Two years ago, Guillaume Dutilh and Jenna Spesard realised they didn’t want to spend another day chasing careers they didn’t love.
The adventure junkies’ love for writing, photography, and the great outdoors led them to quit their jobs and pursue travel journalism — opting for life as cross-country nomads.
They ditched their homes in Los Angeles and built a tiny house on wheels that now serves as their permanent abode.
Five months into their journey, the couple, along with their dog, Salies, have racked up 10,000 miles and visited 25 states. They document their experience on their blog, Tiny House Giant Journey, and on their YouTube channel.
Dutilh and Spesard shared some memories and photos from their micro-living journey with us.
Meet Guillaume Dutilh and Jenna Spesard. For the past five months, the two have lived in a mobile tiny house of their own making and traveled through 25 states.
They have towed their 125-square-foot home from California to New York, through eastern Canada, and from Maine to Florida, documenting the journey on their blog, Tiny House Giant Journey.
Two years ago, Dutilh was an engineer for a motorcycle manufacturer, and Spesard was an executive assistant for a movie studio. They didn't like their jobs, but the work paid the rent.
They realised they couldn't afford to waste any more time pursuing anything other than their dream careers in travel journalism. One day Dutilh stumbled upon and became inspired by the tiny-house concept.
'The idea of exploring North America while creating a travel-writing and photography portfolio seemed feasible, and with a tiny house we could do it in a way that hadn't been done before,' Dutilh tells Business Insider. 'We had a little bit of savings and sold almost everything we owned to get the project started.'
The tiny-house concept attracted the couple for numerous reasons. 'Besides the fact that they are adorable,' the couple say of tiny houses, they allow homeowners to reduce their carbon footprint and afford a higher quality of life without breaking the bank.
Dutilh attended a tiny-house workshop in Seattle, purchased a set of building plans and a trailer bed, and started hammering.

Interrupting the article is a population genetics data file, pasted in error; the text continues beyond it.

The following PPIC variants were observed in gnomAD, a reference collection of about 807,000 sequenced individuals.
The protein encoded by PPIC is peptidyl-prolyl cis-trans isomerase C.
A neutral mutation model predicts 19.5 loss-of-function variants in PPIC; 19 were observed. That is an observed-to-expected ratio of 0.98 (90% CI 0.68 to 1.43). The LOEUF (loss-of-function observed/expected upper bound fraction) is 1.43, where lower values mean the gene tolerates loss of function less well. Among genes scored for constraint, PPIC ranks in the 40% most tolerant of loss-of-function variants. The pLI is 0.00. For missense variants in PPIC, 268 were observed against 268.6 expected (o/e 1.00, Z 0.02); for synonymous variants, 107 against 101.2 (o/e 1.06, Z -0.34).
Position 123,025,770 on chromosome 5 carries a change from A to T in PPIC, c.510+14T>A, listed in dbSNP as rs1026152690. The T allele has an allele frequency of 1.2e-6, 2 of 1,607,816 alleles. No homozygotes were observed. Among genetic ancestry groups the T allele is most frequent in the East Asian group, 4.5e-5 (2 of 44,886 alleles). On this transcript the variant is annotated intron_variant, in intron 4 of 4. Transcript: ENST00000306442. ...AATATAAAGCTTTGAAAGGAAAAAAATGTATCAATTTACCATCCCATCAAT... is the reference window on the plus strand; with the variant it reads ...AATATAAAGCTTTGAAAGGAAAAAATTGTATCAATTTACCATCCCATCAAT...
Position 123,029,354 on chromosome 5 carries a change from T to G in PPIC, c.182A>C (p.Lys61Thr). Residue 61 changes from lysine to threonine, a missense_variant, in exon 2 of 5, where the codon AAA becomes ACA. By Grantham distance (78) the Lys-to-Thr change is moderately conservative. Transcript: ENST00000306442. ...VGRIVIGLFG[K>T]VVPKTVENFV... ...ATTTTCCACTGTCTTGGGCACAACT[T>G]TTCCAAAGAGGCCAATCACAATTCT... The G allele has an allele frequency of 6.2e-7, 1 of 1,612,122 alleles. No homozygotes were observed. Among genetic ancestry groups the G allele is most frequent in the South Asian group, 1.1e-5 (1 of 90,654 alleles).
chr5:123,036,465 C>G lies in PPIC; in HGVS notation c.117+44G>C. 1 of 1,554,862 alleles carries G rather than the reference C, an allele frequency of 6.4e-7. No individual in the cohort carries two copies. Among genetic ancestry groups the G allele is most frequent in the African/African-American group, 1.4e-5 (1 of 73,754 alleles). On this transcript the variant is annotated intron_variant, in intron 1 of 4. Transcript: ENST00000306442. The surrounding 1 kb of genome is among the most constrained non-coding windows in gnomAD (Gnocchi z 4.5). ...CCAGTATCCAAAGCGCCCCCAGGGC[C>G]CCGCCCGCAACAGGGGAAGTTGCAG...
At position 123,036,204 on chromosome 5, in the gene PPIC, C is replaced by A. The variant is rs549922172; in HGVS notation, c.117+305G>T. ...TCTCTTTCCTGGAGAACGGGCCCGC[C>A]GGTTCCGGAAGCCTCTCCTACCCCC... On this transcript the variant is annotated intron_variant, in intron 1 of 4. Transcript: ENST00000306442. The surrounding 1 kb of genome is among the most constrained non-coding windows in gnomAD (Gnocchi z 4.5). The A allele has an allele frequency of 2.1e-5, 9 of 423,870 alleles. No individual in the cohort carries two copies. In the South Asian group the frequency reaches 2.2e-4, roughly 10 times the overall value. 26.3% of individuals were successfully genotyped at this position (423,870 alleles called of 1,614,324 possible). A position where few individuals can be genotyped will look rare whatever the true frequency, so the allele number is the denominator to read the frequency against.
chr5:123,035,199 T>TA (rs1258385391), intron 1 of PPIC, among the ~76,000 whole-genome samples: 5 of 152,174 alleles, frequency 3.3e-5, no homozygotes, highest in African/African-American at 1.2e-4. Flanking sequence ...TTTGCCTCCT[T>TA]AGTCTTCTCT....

The couple say they invested over 1,000 work hours, including research, trips to the hardware store, and cleanup, in building their dream home. Exactly one year after they began construction, they hit the road.
The couple even braved the chaotic streets of New York City -- an experience they call 'tougher and bouncier than off-roading in California's Mojave Desert.'
'There were taxis cutting us off, cyclists flying by, and pedestrians jumping in front of our truck,' Dutilh says. 'It was as if New Yorkers, when they peeled their eyes off of their phones, were completely unfazed by the sight of our house on wheels in the middle of the skyscrapers.'
The couple document their journey with diary-like entries and photos on their blog and YouTube channel, which has garnered almost 400,000 views.
'Tiny friends,' or people who live in tiny houses, and their fans often offer their driveways to keep the couple's lodging expenses down.
Along the way, Dutilh and Spesard have found ways to make their tiny house feel like home. They customised the build to fit their lifestyle.
Snowboards hang in the mezzanine, although they're more for decoration. The house is insulated to survive harsh winters, but the duo doesn't want to deal with towing in snow.
They extended the loft area so there is space for their dog, Salies, who often appears on the blog, to sleep at their feet.
Their favourite feature in the home is the tree stump repurposed as window trim. Wood slats cut from an alligator juniper tree fan out like a sunburst.
When they started their journey, Dutilh and Spesard agreed to one year on the road before evaluating their financial situation.
Dutilh estimates they spend $800 a month on gas, with utilities close to zero. They write and take pictures for tiny-house websites, host workshops for Tumbleweed Tiny House Company, and generate some income from their YouTube channel.
'If we enjoy the lifestyle on the road and aren't losing money, then why not explore a little longer?' Dutilh says. 'Taking a step back and realising where we are, where we have been, and where we'll go, thanks to this lifestyle, makes any minor challenge seem futile.'
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